Incidentally, if you want to use the Xkey with either OSX or Windows, there is equivalent configuration software available as a free download from the CME website.

In use

So, the look is very slick and the portability box is well and truly ticked – but how does the Xkey actually play? The first thing to say is that the keyboard action – where the full travel of the keys is only a few mm – does take some getting used to. This is particularly so in terms of getting accurate velocity or aftertouch control out of the keys. Equally, the keys make a mechanical noise when played that is not unlike a QWERTY keyboard. However, providing you are using headphones to monitor what you are doing, or are in an environment where you can turn up your iDevice’s audio output to a reasonable level, this really isn’t a significant issue.

Xkey plus provides a range of options for you to tweak so that you can configure the keyboard's response to best suit your own needs.

Xkey plus provides a range of options for you to tweak so that you can configure the keyboard’s response to best suit your own needs.

All this said, with just a little practice – and, for me at least, choosing the User Curve 4 velocity response – I soon found my feet (well…. fingers) with the Xkey keyboard and, providing whatever virtual instrument you are playing is configured to respond to velocity, it is actually possible to put some real expression into your performance.

While I used the Xkey without problems with a range of iOS synths (Thor, Nave, Arctic ProSynth, iSEM, Z3TA+, microTERA, etc.), I particularly enjoyed the combination of the Xkey with iGrand Piano and iLectric. With iGrand, the velocity response and the (for iOS at least) detailed sample-base of the instrument, made for a very nice combination.

The pitch bend and mod wheel options perhaps take a little more getting used to. Doing subtle pitch or mod shifts takes some practice but, equally, there are other effects (rapid pitch bends, for example) that can be achieved rather easily with the push buttons and the sustain button is very easy to use. With the latest firmware, the octave button give you +/- 4 octaves; enough for the lowest of lows and the highest of highs. In short, all of these controls are functional with some practice; they are different to using conventional wheels but still very useable.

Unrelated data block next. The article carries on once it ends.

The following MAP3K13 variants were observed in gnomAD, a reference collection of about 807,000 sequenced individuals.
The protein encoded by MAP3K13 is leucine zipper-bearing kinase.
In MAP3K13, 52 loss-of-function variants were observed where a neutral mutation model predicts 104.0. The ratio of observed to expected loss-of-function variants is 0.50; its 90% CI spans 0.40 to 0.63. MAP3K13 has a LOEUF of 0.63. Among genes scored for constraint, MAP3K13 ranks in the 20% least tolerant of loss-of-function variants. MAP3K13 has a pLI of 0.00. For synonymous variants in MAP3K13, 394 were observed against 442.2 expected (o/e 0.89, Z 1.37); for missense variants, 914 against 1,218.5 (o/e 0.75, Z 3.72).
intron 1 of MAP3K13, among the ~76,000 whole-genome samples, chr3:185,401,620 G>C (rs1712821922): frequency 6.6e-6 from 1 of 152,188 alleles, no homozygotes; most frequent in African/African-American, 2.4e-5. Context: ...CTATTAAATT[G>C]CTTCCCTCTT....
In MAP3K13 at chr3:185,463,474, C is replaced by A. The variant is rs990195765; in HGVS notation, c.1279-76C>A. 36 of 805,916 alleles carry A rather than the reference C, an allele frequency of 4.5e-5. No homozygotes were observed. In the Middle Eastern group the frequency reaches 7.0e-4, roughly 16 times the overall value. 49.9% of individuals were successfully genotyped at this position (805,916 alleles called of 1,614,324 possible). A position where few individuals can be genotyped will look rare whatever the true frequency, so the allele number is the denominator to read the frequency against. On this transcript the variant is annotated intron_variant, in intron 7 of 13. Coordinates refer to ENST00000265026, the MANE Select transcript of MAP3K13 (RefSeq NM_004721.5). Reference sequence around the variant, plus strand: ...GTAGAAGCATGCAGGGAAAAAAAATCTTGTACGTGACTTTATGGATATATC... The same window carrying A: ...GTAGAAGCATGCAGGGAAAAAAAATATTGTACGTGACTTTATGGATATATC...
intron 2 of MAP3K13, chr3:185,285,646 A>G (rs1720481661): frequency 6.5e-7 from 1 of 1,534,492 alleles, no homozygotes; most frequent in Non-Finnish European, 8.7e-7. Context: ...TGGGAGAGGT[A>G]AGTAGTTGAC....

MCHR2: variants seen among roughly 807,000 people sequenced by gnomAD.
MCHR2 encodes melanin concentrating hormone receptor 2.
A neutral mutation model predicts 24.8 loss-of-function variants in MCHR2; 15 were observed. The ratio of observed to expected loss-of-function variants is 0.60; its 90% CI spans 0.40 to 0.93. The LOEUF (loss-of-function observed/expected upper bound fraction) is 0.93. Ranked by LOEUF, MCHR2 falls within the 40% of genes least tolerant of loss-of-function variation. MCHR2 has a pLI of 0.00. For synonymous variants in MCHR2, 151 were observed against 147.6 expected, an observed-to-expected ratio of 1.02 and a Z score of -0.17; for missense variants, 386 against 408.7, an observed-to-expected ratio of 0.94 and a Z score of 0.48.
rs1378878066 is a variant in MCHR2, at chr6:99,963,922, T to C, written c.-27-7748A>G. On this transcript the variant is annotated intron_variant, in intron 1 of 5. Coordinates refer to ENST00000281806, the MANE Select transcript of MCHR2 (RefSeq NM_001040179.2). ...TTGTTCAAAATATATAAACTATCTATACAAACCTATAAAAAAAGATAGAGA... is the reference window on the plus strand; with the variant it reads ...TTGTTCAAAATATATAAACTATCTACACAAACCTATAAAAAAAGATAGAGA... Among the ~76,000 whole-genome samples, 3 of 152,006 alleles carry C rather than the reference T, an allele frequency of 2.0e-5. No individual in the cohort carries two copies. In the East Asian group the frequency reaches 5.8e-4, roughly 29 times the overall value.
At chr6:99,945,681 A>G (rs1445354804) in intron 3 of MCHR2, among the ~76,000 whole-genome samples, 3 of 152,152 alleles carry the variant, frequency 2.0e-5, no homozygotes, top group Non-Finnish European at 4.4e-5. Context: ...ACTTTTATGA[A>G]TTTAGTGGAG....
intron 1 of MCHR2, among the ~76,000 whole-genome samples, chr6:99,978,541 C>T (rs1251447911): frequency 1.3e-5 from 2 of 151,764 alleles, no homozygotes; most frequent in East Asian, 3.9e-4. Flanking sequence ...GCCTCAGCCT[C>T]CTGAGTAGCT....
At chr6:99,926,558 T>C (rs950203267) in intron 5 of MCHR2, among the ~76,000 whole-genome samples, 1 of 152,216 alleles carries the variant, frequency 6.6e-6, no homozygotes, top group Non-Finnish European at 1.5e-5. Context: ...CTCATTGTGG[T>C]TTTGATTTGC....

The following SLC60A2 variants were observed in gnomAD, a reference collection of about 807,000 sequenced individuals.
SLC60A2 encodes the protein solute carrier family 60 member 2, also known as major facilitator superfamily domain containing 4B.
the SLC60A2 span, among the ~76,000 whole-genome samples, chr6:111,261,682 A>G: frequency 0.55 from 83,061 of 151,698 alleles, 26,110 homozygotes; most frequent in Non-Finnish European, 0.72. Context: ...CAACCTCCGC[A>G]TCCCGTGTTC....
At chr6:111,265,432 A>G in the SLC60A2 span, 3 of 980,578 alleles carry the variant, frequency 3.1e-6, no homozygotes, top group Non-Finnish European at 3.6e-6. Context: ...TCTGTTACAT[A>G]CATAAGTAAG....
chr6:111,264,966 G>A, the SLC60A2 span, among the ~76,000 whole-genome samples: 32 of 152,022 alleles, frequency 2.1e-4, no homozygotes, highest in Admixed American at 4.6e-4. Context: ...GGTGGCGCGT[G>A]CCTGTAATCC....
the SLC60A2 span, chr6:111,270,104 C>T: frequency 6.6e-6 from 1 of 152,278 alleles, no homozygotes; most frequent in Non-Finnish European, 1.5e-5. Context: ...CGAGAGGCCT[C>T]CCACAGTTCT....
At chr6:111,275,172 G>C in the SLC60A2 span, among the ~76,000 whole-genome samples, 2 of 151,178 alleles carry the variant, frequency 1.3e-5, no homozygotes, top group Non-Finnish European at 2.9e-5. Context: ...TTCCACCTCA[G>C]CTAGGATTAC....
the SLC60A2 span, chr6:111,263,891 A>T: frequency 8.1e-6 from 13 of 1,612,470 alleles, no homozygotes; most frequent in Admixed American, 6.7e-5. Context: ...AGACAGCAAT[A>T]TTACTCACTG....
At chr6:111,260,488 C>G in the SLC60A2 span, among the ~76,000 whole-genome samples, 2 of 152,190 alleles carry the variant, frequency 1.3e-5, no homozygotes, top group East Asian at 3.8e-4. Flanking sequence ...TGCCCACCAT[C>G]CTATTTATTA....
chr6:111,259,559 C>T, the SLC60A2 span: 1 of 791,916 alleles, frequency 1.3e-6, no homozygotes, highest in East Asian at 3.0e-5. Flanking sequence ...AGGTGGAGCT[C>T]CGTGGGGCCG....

In summary

With my initial period of adjustment overcome, I have to say that the Xkey has very much grown on me. I love the Apple-esq looks and styling and the compact format makes it a joy to travel with. At UK£89, it is perhaps not the cheapest portable keyboard you can buy but it does seem very well constructed. There is, I believe, a travel pouch accessory that can be purchased and, if I was doing a lot of moving about with my Xkey, I suspect that would be a good investment to keep it looking and playing well.

Velocity Curve 4 - that will do nicely :-)

Velocity Curve 4 – that will do nicely :-)

At the same sort of price level you could, of course, purchase something from the likes of Samson, M-Audio, Alesis, Korg or Akai with full-travel keys and probably some additional controller options included (knobs, faders and pads) but it will probably be somewhat larger in terms of footprint and almost certainly be of all plastic construction.

In comparing the Xkey with my own Alesis QX25, I suspect that for 90% of what I do, the Xkey would be more than up to the task and the other 10% would be down to the additional controllers the QX25 provides for tweaking synth parameters or creating automation data. However, for portability and sheer style, the Xkey wins hands down and, equally, given the very small footprint, I could easily find a home for it on my studio desk beside my iMac where I’d happily use it for routine MIDI part creation rather than haul out ‘the beast’ that is my CME UF8.

In short, I’m sold on the Xkey and, as a portable solution for my iPad setup or as a stylish, compact and convenient data entry tool on my desktop, I’m adding it to my personal wishlist. I just wish I didn’t have to send the review unit back to Hand-in-Hand quite so soon….

Hand-in-Hand Distribution UK website:

CME website:

In the UK, the CME Xkey can be ordered directly from Hand-in-Hand. It is also available from both Amazon UK and Amazon USA.

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    1. How nice the review is, thanks very much! We are happy that you like it, it is our honor to ask HIH to leave that Xkey for you.:-)

      • Hi Zhao… thanks for the kind words. I actually purchased the review unit from Hand In Hand after completing the review… I guess that’s also a positive recommendation :-) Thanks again for the feedback and very best wishes, John

    2. Would very much like to play one , I feel dubious about buttons for subtle pitch bend control.Even a ribbon would be better ? I’m very interested to know whether you found an synth that made good advantage of the polyphonic aftertouch….this seems the outstanding playability feature to me.
      Clearly an object of desire,extraordinary how such elegant design really makes me want something I really don’t need :)
      If I were a frequent flier I’d get one of these…..mind you another review opined that vigorous playing sounds like shaking tic tacs …not sure that would be very popular…

      • Hi Steve…. I like the tic-tacs quote…. probably quite accurate :-) but no worse than tapping away on a laptop keyboard and, give the background noise in most planes it wouldn’t be an issue. BTW, the iPad and Xkey did fit quite nicely on the fold-out table on the flight I took :-) The pitch-bend and modulation buttons are a compromise…. useful to have but not the most subtle of controls you will ever use. best wishes, John